All right, as long promised, welcome to my first epic cheese post. A word of warning to the wary: this is no place for those whose palate favors only the bland, the unassuming, and the basic. Or those who are lactose intolerant.
To start off, of course I have to be a bit narcissistic and recommend to you my Favorite Cheeses of the Moment (in no particularr order):
1. Humboldt Fog - king among unusual, indigenous-to-Northern-California goat cheeses, this delicious specimen is ash-ripened and aged. For more information, visit CypressGrove.com.
photo / Cowgirl Creamery
2. Cana de Oveja - a rarer, sheep's milk version of Spanish Cana de Cabra, this Bucheron-like cheese is both buttery and sharp. I had it for the first time as a part of Absinthe's cheese plate, paired with white-wine-apricot preserves. Three words: To. Die. For.
photo / Cowgirl Creamery
3. Casatica di Bufala - A water buffalo milk cheese! According to Cowgirl Creamery, water buffalo milk "has twice the cream as cow's milk." It makes for a fantastic, bloomy-and-aged on the outside, soft-and-rich on the inside cheese.
photo / Murray's Cheese
4. Cabot Sharp White Cheddar - I first discovered this via a bowl of chili with my friend Kristin K. I thought that our bean-and-turkey-and-veggie-with-a-splash-of-beer chili couldn't get any better, and then then not only did we toss some fresh avocado on there, but she pulls out a hunk of white cheddar and proceeds to blow my mind. This cheese is seriously addictive - be careful!
photo / Cabot Vermont
5. And finally, last but certainly not least, Abbaye de Belloc - semi-hard, smooth but a little bit of a bite to it - the perfect cheese to eat with some membrillo. I love it, I love it, I love it. According to Cowgirl, it's made in the Western Pyrenees.
photo / Cowgirl Creamery
Apparently, you can buy all of these cheeses on Amazon! Can someone explain to me how that works? Does a man in a jumpsuit just arrive at your door with a refrigerated case? "Houston, we have delivered the package. Over and out."
Things to eat with your motherlode of cheese that you have undoubtedly purchased by now:
Mitica membrillo - I found this at Whole Foods but you can also get it online.
This post is ideally just an overview, but in case you get impatient waiting for me to write a "how to assemble an awesome cheese plate" post, here are a fewgoodones from Joanna Goddard of A Cup of Jo.
Clearly you need Cheese Supplies:
Cheese paper - ideally this keeps the cheese "alive," instead of suffocating it in plastic. I've found that plastic keeps the cheese fresher, but using paper deepens the flavors. Hmm, might have to write a post on the pros and cons of cheese paper - stay tuned!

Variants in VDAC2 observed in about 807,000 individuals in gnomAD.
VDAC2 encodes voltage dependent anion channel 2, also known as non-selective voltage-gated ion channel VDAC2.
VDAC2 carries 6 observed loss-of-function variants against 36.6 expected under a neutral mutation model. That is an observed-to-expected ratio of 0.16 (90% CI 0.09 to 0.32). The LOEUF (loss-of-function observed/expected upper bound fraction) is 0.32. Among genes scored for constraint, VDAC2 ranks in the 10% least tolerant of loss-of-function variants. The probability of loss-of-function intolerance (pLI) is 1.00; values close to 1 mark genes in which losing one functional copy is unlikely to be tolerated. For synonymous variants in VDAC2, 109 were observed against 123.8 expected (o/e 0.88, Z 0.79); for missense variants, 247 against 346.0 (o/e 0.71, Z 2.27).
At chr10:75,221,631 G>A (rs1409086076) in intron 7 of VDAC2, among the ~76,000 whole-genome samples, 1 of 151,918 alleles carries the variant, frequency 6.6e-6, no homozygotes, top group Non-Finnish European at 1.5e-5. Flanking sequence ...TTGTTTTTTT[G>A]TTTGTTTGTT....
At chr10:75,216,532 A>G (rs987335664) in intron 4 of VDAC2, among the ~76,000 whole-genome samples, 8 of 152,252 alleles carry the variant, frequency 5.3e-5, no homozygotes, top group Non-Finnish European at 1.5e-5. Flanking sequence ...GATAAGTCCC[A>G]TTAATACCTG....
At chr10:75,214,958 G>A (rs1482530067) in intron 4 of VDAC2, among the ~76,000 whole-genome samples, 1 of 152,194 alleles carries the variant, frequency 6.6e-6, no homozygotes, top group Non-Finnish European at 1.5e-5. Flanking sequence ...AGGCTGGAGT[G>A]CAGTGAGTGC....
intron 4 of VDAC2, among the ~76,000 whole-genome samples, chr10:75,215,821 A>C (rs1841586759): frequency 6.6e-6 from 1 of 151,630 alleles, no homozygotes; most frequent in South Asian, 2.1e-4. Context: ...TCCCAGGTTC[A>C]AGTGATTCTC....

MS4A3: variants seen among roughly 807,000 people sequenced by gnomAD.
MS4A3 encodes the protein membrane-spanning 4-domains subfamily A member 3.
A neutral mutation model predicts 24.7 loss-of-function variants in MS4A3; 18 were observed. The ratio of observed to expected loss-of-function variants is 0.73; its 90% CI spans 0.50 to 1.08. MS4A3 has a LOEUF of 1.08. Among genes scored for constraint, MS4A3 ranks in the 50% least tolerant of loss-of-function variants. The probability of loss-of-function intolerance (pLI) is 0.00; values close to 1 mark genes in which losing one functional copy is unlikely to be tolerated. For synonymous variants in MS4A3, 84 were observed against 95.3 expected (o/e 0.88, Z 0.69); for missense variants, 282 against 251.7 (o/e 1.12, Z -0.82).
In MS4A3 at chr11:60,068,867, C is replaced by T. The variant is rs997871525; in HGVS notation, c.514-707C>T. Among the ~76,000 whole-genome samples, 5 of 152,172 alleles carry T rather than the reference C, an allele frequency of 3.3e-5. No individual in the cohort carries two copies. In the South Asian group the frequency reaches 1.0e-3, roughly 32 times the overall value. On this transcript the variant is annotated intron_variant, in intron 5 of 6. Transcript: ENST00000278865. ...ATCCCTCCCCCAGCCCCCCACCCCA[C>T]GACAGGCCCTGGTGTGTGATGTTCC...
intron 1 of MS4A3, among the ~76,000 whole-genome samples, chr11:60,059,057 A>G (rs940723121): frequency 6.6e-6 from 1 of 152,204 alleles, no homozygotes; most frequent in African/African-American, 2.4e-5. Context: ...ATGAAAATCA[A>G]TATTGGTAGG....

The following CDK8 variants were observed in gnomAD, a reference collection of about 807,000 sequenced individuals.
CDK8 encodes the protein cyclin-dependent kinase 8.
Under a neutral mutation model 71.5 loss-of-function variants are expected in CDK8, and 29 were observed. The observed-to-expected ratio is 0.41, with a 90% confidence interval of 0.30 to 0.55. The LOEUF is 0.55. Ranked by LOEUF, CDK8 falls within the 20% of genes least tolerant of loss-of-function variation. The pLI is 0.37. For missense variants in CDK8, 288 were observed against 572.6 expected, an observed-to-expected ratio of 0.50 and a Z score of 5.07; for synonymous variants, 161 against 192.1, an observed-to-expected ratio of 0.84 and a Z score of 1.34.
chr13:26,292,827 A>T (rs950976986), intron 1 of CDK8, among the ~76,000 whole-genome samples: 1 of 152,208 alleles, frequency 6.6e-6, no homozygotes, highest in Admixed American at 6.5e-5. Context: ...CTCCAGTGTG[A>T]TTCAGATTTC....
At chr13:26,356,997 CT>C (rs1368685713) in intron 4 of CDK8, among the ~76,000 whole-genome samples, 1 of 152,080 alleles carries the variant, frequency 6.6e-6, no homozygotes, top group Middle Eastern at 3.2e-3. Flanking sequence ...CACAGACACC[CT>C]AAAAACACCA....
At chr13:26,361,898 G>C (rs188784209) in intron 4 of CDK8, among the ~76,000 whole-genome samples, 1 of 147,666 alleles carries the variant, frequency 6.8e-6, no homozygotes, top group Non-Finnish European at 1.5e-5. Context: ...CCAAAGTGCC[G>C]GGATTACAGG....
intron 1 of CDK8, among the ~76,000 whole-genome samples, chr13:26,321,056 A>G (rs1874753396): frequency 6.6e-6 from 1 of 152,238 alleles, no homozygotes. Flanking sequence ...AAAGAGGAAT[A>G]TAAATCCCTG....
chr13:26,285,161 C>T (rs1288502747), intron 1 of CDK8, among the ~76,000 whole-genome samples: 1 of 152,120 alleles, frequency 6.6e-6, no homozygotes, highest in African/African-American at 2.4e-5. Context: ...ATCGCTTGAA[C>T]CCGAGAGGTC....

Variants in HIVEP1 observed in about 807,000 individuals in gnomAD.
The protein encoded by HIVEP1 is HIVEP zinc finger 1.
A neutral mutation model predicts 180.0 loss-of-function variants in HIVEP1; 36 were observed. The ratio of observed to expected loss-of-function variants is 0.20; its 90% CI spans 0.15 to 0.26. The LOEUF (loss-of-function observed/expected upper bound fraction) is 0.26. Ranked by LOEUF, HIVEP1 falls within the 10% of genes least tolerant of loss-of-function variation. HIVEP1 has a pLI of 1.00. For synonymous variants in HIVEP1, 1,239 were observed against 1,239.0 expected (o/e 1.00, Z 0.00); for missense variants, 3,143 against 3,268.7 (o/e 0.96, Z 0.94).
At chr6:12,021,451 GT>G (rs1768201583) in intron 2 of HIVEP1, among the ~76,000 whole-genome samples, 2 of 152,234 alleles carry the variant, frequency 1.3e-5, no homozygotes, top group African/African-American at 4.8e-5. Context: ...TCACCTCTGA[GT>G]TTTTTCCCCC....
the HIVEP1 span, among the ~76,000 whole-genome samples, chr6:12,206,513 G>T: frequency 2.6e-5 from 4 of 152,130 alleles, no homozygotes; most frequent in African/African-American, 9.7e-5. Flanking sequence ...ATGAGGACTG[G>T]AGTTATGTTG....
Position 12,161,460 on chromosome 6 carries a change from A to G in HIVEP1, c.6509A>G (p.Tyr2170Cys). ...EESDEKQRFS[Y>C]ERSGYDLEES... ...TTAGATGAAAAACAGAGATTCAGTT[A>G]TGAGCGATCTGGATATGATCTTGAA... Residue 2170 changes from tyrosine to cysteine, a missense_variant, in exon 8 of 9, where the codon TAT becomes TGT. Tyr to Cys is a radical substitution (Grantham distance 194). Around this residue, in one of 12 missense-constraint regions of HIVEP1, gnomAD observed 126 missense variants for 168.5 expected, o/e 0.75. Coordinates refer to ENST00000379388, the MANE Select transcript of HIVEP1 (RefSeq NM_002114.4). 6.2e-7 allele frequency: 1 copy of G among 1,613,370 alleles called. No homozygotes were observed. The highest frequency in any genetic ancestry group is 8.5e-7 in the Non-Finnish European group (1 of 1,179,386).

Cheese box - I mostly want one of these because it's adorable. But I imagine if you have some super stinky cheese, it would contain the smell and make it so the rest of your fridge doesn't smell like death.
Cheeses on my bucket list:
Azeitao - tough on the outside, creamy on the inside Spanish sheep's milk cheese.
Bucheron - tangy French goat cheese coated in ash.
Carmody - made with buttery Jersey cow milk, dense and smooth. (just bought a wedge! so excited!)
Types of Cheese AKA Whole Foods' CHEESE 101 Note: I didn't write any of this, all courtesy of Whole Foods. So useful!
Like bread or wine, cheese falls into basic categories based on its texture and the process with which it's made. Luckily for cheese heads like us, the categories are simple:
Fresh: Think of these cheeses as the ones without rinds. This category is where you'll find casual favorites like goat cheese, fresh mozzarella, ricotta and cream cheese.
Semi-Soft: If you're making a grilled cheese sandwich, consider these guys. Semi-soft cheeses—ones like Gouda, Provolone, Havarti and Jack—are great for eating out of hand and even better for melting.
Semi-Hard (a.k.a. Semi-Firm): Cheddar is the king of this category, which includes tasty favorites like Edam and Gruyère.
Hard (a.k.a. Firm): Grating cheeses (see Cheeses that Grate) and cheese tray stand-outs like Mimolette and aged Asiago rule this category.
Washed-Rind: Cheeses like Tallegio, Limburger and Muenster bathe in salty brine, sometimes with a little beer, wine or liquor added to gild the lily. The brine in turn helps cheese to form an edible rind around its soft or semi-soft interior.
Bloomy-Rind: These cheeses are purposely exposed to mold spores to create a gently fuzzy rind on the outside. The rinds on these cheeses, like those of Brie and Camembert, are generally edible, though some folks choose to skip to the creamy insides.
Blue: Love it or hate it, blue cheese is here to stay. These pungent, delicious cheeses are marked with blue mold, introduced when mold spores are injected or added to the cheese. Stilton and Maytag Blue are stand-out examples of blue cheese done right.
The Cheese Mecca - always an adventure! Take a number, and then be helped by an enthusiastic cheesemonger who only wants to get you the most delicious cheeses. Tell them what you're looking for or what you're planning to eat/drink with the cheese, and they'll take care of you.
Locations in the SF Ferry Building and in Pt. Reyes, among others.
In Conclusion (Now that I have overwhelmed you with yumminess):
All right, bat's all for now, folks. Hopefully I have inspired some excitement in the cheese-loving members of my limited readership :) If you love it, share! If you have any ideas or feedback or cheese recommendations, comment! I always love to hear from people.